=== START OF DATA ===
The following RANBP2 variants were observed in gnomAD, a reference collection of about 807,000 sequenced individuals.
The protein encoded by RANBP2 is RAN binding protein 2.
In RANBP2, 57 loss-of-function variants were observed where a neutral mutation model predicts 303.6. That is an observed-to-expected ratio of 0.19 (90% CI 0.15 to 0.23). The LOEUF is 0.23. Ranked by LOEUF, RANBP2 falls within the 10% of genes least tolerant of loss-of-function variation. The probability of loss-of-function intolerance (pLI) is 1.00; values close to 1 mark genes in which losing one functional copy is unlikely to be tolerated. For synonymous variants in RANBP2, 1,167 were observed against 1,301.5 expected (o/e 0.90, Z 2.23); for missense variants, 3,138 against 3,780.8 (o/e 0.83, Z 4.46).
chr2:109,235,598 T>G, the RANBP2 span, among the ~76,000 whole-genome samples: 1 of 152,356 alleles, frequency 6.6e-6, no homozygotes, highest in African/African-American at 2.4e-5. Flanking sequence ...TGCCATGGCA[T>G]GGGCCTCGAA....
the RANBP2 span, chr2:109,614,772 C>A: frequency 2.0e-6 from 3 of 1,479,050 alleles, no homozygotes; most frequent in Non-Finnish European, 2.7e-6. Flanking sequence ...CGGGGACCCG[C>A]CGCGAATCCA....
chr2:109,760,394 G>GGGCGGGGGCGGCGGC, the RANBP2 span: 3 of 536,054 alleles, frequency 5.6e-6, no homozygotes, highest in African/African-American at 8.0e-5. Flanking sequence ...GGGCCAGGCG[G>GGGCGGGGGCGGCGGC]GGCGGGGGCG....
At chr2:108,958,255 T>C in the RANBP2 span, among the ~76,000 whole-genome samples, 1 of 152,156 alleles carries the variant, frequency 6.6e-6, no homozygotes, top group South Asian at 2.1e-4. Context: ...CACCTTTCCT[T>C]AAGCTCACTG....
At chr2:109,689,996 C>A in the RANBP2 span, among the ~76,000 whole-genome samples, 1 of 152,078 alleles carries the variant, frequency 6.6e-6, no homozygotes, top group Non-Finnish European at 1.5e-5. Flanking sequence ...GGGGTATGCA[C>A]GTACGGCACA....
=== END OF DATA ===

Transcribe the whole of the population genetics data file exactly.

The following RANBP2 variants were observed in gnomAD, a reference collection of about 807,000 sequenced individuals.
The protein encoded by RANBP2 is RAN binding protein 2.
In RANBP2, 57 loss-of-function variants were observed where a neutral mutation model predicts 303.6. That is an observed-to-expected ratio of 0.19 (90% CI 0.15 to 0.23). The LOEUF is 0.23. Ranked by LOEUF, RANBP2 falls within the 10% of genes least tolerant of loss-of-function variation. The probability of loss-of-function intolerance (pLI) is 1.00; values close to 1 mark genes in which losing one functional copy is unlikely to be tolerated. For synonymous variants in RANBP2, 1,167 were observed against 1,301.5 expected (o/e 0.90, Z 2.23); for missense variants, 3,138 against 3,780.8 (o/e 0.83, Z 4.46).
chr2:109,235,598 T>G, the RANBP2 span, among the ~76,000 whole-genome samples: 1 of 152,356 alleles, frequency 6.6e-6, no homozygotes, highest in African/African-American at 2.4e-5. Flanking sequence ...TGCCATGGCA[T>G]GGGCCTCGAA....
the RANBP2 span, chr2:109,614,772 C>A: frequency 2.0e-6 from 3 of 1,479,050 alleles, no homozygotes; most frequent in Non-Finnish European, 2.7e-6. Flanking sequence ...CGGGGACCCG[C>A]CGCGAATCCA....
chr2:109,760,394 G>GGGCGGGGGCGGCGGC, the RANBP2 span: 3 of 536,054 alleles, frequency 5.6e-6, no homozygotes, highest in African/African-American at 8.0e-5. Flanking sequence ...GGGCCAGGCG[G>GGGCGGGGGCGGCGGC]GGCGGGGGCG....
At chr2:108,958,255 T>C in the RANBP2 span, among the ~76,000 whole-genome samples, 1 of 152,156 alleles carries the variant, frequency 6.6e-6, no homozygotes, top group South Asian at 2.1e-4. Context: ...CACCTTTCCT[T>C]AAGCTCACTG....
At chr2:109,689,996 C>A in the RANBP2 span, among the ~76,000 whole-genome samples, 1 of 152,078 alleles carries the variant, frequency 6.6e-6, no homozygotes, top group Non-Finnish European at 1.5e-5. Flanking sequence ...GGGGTATGCA[C>A]GTACGGCACA....